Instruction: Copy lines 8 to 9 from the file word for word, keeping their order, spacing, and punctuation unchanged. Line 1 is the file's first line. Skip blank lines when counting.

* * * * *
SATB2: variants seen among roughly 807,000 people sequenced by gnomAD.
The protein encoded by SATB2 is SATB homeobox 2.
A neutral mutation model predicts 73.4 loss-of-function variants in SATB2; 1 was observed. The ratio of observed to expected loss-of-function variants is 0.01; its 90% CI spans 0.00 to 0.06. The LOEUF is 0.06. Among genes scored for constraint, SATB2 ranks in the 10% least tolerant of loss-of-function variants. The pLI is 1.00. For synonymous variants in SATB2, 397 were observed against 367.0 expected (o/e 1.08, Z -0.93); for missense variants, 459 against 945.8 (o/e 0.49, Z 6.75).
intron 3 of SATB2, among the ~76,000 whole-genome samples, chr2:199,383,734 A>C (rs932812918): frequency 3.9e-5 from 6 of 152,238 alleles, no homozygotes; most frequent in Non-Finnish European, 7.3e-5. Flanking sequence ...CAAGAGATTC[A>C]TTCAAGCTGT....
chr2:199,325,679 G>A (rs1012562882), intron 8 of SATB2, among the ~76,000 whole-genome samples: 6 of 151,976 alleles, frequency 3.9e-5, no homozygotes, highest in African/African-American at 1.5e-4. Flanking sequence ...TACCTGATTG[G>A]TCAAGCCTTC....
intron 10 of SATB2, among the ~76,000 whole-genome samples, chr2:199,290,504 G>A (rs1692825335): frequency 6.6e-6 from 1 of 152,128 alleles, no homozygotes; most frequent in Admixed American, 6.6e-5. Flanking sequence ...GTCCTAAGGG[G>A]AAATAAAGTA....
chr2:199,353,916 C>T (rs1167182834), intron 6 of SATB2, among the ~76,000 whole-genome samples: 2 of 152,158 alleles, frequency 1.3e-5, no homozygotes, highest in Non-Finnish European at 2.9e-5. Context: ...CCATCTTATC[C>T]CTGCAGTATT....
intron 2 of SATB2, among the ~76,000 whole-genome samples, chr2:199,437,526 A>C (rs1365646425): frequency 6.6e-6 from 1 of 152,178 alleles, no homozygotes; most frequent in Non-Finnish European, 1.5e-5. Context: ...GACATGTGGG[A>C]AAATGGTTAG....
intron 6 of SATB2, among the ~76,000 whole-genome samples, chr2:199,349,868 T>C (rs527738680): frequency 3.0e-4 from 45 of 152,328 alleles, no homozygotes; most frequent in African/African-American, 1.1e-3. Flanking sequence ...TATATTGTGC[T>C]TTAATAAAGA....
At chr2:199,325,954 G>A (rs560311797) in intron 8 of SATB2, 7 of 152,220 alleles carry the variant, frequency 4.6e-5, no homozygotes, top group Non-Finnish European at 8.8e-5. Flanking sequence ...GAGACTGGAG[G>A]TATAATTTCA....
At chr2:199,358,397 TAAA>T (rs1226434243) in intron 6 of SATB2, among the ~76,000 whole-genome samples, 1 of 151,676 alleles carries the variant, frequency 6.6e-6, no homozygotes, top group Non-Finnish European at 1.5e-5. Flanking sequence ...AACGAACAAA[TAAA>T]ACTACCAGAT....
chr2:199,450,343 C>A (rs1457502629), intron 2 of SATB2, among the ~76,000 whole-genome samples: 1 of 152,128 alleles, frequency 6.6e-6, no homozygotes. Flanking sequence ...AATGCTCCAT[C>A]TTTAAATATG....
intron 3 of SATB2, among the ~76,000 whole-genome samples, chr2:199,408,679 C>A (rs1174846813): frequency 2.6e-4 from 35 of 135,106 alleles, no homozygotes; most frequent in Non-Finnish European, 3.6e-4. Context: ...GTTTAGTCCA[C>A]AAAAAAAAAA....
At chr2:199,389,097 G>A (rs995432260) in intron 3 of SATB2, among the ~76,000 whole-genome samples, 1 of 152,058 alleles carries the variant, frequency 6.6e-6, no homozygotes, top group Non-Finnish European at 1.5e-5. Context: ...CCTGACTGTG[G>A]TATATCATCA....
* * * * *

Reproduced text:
intron 2 of SATB2, among the ~76,000 whole-genome samples, chr2:199,437,526 A>C (rs1365646425): frequency 6.6e-6 from 1 of 152,178 alleles, no homozygotes; most frequent in Non-Finnish European, 1.5e-5. Context: ...GACATGTGGG[A>C]AAATGGTTAG....
intron 6 of SATB2, among the ~76,000 whole-genome samples, chr2:199,349,868 T>C (rs527738680): frequency 3.0e-4 from 45 of 152,328 alleles, no homozygotes; most frequent in African/African-American, 1.1e-3. Flanking sequence ...TATATTGTGC[T>C]TTAATAAAGA....